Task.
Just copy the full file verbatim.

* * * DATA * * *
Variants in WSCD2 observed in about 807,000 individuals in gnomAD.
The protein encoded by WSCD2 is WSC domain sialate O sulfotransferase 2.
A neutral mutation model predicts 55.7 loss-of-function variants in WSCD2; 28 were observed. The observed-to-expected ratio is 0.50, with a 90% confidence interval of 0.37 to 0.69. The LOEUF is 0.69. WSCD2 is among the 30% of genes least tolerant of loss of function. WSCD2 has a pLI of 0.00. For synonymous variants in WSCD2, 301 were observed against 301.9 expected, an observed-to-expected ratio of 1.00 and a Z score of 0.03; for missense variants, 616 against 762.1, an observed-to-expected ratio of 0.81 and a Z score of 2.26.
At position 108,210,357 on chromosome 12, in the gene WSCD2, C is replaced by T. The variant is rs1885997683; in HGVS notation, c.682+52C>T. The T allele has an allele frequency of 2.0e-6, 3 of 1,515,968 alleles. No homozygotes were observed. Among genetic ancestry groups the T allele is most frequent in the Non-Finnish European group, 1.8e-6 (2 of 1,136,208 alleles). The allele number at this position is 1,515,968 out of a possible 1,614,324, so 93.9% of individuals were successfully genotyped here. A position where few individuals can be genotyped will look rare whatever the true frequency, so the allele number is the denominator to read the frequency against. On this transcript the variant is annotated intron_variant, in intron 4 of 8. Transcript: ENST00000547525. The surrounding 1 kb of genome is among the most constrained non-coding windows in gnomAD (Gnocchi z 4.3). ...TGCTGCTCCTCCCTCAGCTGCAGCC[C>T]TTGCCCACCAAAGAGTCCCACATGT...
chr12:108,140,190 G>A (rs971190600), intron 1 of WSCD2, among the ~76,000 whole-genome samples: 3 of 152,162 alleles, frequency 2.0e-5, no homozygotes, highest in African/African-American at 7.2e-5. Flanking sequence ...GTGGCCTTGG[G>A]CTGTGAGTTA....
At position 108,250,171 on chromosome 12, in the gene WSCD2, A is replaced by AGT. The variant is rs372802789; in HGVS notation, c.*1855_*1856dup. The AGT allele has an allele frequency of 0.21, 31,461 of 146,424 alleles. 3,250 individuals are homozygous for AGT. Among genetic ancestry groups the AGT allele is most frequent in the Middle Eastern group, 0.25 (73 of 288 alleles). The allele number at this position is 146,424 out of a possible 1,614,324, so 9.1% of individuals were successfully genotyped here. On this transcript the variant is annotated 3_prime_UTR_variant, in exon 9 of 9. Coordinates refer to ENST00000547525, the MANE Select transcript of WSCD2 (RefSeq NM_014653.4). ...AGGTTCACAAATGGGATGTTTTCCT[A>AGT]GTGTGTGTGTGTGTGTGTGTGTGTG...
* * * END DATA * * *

Variants in WSCD2 observed in about 807,000 individuals in gnomAD.
The protein encoded by WSCD2 is WSC domain sialate O sulfotransferase 2.
A neutral mutation model predicts 55.7 loss-of-function variants in WSCD2; 28 were observed. The observed-to-expected ratio is 0.50, with a 90% confidence interval of 0.37 to 0.69. The LOEUF is 0.69. WSCD2 is among the 30% of genes least tolerant of loss of function. WSCD2 has a pLI of 0.00. For synonymous variants in WSCD2, 301 were observed against 301.9 expected, an observed-to-expected ratio of 1.00 and a Z score of 0.03; for missense variants, 616 against 762.1, an observed-to-expected ratio of 0.81 and a Z score of 2.26.
At position 108,210,357 on chromosome 12, in the gene WSCD2, C is replaced by T. The variant is rs1885997683; in HGVS notation, c.682+52C>T. The T allele has an allele frequency of 2.0e-6, 3 of 1,515,968 alleles. No homozygotes were observed. Among genetic ancestry groups the T allele is most frequent in the Non-Finnish European group, 1.8e-6 (2 of 1,136,208 alleles). The allele number at this position is 1,515,968 out of a possible 1,614,324, so 93.9% of individuals were successfully genotyped here. A position where few individuals can be genotyped will look rare whatever the true frequency, so the allele number is the denominator to read the frequency against. On this transcript the variant is annotated intron_variant, in intron 4 of 8. Transcript: ENST00000547525. The surrounding 1 kb of genome is among the most constrained non-coding windows in gnomAD (Gnocchi z 4.3). ...TGCTGCTCCTCCCTCAGCTGCAGCC[C>T]TTGCCCACCAAAGAGTCCCACATGT...
chr12:108,140,190 G>A (rs971190600), intron 1 of WSCD2, among the ~76,000 whole-genome samples: 3 of 152,162 alleles, frequency 2.0e-5, no homozygotes, highest in African/African-American at 7.2e-5. Flanking sequence ...GTGGCCTTGG[G>A]CTGTGAGTTA....
At position 108,250,171 on chromosome 12, in the gene WSCD2, A is replaced by AGT. The variant is rs372802789; in HGVS notation, c.*1855_*1856dup. The AGT allele has an allele frequency of 0.21, 31,461 of 146,424 alleles. 3,250 individuals are homozygous for AGT. Among genetic ancestry groups the AGT allele is most frequent in the Middle Eastern group, 0.25 (73 of 288 alleles). The allele number at this position is 146,424 out of a possible 1,614,324, so 9.1% of individuals were successfully genotyped here. On this transcript the variant is annotated 3_prime_UTR_variant, in exon 9 of 9. Coordinates refer to ENST00000547525, the MANE Select transcript of WSCD2 (RefSeq NM_014653.4). ...AGGTTCACAAATGGGATGTTTTCCT[A>AGT]GTGTGTGTGTGTGTGTGTGTGTGTG...